72 %( 206) 27 %( 80) 1 %( 4)

NO
Figure III : Source of Vaccine in both Complete and (177) YES Yes
Incompletely Vaccinated HCWs (n=290) 46.30% (206)
No
53.70%

Very interestingly the ones who got


vaccinated on their own showed better compliance in
completion of course (70/80) and less drop outs
(10/80) 12%, as compared to employer based
vaccination which showed (60/206 )29%drop out .
(Table: I and II) Figure IV : Exposure to Needle Stick Injury (NSI)
While non availability was the second most (n=383)
important reason for non vaccination. (Table: III)
Awareness of post exposure prophylaxis of the needle
stick injury was in 48.1% (99) personnel whereas 51.9

18
International Journal of Pathology; 2010; 8(1): 16-21

%( 107) of them were ignorant of standard prophylaxis. All the individuals who were Hepatitis B & C
(Figure: V) positive had a definite history of needle stick injury
Table III: Reasons for Hepatitis B Non Vaccination except one who had history of surgery. (Table: 4)
(n= 93) Table: IV Exposures to Needle Stick Injury
Reasons No. (%age) & Status Of Hepatitis B and C

Non availability 26 (28.0) Total HCWs H/O needle No H/O needle


Non affordability 2 (2.1) 383 stick injury stick injury
Non awareness/ attitude 39 (41.9) Hepatitis B positive 2 -

All of the above 12 (12.9) (2)

Combination of any two 14 (15.0) Hepatitis C 5 1*


Major reason identified for non vaccination was, non positive(6) (H/o surgery)
awareness/attitude. Negative Cases 375 198 177
Figure V :Awareness of Post Exposure Prophylaxis 383 205 178
to NSI in HCWs

Discussion
In this study it was observed that completely
51.00% vaccinated health care workers were 57.6%, un
51.90%
50.00% awar vaccinated 24.1%, where as 18.2% started the
49.00% non vaccination but did not complete it. This dropout could
48.00% be attributed to awareness and attitude as those who
48.10% had self financed vaccination had less drop out due to
47.00%
their committed behavior, while many individuals who
46.00% probably were not very convinced to get vaccinated got
The study group was well screened .Most of initially vaccinated by employer but did not give it much
the individuals knew their Hepatitis B and C status i.e. importance and hence did not complete their three
93.7% (359) while 6.3% (24) had never got themselves doses course. In our study 72% workers were provided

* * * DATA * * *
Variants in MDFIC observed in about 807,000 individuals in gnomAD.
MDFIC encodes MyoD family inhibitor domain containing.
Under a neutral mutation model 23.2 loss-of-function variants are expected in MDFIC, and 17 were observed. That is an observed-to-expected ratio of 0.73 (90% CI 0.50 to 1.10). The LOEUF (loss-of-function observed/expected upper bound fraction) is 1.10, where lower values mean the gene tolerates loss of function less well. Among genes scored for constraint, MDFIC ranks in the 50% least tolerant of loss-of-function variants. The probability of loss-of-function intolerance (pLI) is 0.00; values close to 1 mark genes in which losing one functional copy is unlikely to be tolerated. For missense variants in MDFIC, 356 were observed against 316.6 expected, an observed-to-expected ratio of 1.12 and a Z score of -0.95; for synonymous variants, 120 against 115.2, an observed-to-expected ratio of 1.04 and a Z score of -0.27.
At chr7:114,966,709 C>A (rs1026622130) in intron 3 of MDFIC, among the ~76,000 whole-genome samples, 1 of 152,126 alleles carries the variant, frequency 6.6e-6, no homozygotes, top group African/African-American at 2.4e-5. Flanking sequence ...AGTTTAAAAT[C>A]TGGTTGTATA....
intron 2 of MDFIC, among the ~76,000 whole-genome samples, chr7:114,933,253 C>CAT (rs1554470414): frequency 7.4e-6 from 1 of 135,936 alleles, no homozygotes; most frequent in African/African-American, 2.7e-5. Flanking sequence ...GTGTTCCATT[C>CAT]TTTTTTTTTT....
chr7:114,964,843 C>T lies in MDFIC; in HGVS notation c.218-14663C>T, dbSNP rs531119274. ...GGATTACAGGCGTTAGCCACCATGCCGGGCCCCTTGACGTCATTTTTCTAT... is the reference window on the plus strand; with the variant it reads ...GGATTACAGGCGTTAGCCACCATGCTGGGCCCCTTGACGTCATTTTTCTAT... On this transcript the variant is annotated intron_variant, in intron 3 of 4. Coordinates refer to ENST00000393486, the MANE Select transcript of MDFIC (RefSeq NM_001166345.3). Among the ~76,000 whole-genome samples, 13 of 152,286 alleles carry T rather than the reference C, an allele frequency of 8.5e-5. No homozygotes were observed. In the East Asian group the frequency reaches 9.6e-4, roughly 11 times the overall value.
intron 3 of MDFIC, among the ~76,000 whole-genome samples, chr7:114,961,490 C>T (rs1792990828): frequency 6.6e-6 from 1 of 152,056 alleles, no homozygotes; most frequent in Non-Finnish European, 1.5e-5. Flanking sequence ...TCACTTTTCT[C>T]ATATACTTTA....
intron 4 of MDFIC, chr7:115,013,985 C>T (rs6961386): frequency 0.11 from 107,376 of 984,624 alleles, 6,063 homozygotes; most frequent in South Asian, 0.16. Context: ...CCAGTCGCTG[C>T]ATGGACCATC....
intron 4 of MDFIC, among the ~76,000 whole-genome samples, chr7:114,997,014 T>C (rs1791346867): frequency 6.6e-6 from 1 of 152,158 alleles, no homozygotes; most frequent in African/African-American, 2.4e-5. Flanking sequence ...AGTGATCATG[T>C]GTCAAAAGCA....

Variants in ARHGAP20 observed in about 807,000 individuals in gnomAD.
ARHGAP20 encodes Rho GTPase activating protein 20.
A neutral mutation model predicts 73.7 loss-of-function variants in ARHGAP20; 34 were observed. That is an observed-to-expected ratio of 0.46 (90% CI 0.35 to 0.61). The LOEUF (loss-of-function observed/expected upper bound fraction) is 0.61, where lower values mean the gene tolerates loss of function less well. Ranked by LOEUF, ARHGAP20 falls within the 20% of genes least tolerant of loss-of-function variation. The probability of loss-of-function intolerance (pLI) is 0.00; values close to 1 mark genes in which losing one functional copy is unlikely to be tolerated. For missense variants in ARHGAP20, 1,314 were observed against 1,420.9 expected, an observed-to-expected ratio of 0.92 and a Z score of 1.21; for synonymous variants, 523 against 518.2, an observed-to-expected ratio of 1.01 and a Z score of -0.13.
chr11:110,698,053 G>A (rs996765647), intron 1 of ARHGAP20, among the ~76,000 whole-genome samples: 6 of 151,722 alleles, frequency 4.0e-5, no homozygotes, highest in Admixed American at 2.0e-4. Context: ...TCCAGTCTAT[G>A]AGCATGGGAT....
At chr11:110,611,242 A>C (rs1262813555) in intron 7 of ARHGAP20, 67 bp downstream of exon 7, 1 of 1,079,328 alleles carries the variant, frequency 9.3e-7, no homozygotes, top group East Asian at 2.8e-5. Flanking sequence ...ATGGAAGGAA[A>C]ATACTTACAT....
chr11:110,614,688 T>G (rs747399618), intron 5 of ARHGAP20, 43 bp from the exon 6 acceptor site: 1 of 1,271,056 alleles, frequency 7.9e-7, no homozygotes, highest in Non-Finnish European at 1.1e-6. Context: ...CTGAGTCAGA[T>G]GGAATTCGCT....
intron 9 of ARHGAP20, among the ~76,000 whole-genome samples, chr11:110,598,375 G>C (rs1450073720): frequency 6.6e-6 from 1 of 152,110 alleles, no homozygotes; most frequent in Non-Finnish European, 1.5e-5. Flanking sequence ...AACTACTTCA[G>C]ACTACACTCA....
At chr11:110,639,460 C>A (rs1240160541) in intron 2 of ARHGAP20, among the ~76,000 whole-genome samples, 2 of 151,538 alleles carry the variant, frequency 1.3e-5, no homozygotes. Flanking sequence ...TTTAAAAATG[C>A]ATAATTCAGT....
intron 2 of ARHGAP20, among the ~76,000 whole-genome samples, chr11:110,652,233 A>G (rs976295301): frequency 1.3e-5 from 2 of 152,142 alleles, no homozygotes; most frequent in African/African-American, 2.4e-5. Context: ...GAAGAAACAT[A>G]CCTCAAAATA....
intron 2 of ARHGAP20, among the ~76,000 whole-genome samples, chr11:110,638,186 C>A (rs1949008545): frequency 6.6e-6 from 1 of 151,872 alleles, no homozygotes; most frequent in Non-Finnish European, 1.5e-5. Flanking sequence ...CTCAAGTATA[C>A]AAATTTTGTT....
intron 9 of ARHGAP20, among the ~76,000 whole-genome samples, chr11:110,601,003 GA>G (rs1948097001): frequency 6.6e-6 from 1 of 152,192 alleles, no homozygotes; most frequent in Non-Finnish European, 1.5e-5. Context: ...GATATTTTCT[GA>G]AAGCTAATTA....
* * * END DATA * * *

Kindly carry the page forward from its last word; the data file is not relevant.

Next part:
tested for Hepatitis B & C. the vaccine by the employer but only 71% out of these
Positivity for Hepatitis B was 0.50% and 1.6% for completed their three doses, while 27% got
Hepatitis C. (Figure: VI) themselves vaccinated on their own initiative and
expense and 87.5% of this group achieved complete
vaccination, showing that self vaccinated group was
97.90% more motivated and aware of need and benefit of the
100.00% vaccination.
Vaccination status of present study group was
80.00% comparable to other studies done in different hospitals
of Pakistan. In a study done in 2007 in Ayub medical
60.00% college Abbotabad it was 48% 18 and 49 % in Allama
Iqbal medical college HCWs and medical students by
40.00% 0.50% 1.60% Nasir et al.19 Recent Study from tertiary care hospital of
India also had similar findings as in our group, who
20.00% showed that 55.4% of 2162 HCWs screened had been
vaccinated and 27.7% had never been vaccinated.20
0.00% these figures are lower than those reported by Younis
negative B C et al (71.8%)21 and Ali et al (86%)22 ; more or less
Similar findings have been reported from USA (73 –
Figure VI: Percentage of Hepatitis B & C Positive 83%) 23 and in Saudi Arabia 85%.24
HCWs. In our study Group the most covered for
vaccination were Pathologists (83.5%) while no

19
International Journal of Pathology; 2010; 8(1): 16-21

difference was found among laboratory technicians service length between 1-5 years .In spite of all this the
(64%), staff nurses (61%) and student nurses (58%) it exact reason for low positivity cannot be explained
is comparable and consistent with study at Aga Khan fully. Studies on prevalence rates of Hepatitis B and C
University Hospital. 22 and study at Lahore.21 Lowest in Pakistan in health care workers have shown higher
vaccinated subgroup in our study was that of prevalence than our study. At Civil Hospital Karachi in
laboratory assistants i.e. 36%. Study at Aga Khan 2002 prevalence of 2.4% Hepatitis B and 5-6%
Hospital22 and Fatima Jinnah medical college Lahore24 Hepatitis C was repoted25, in a study at Armed Forces
and study in USA23 are consistent with our study Institute of Pathology Rawalpindi in the year 2000
findings both for percentage of sub groups of HCWs Hepatitis B was 7.7%.26 In Abbot Abad overall 8.0%
vaccinated and also for reason for non vaccination. prevalence of HBV, HCV and hepatitis B+C mixed
Study by Nasir et al identified among health care infection in health care workers was reported.21 A study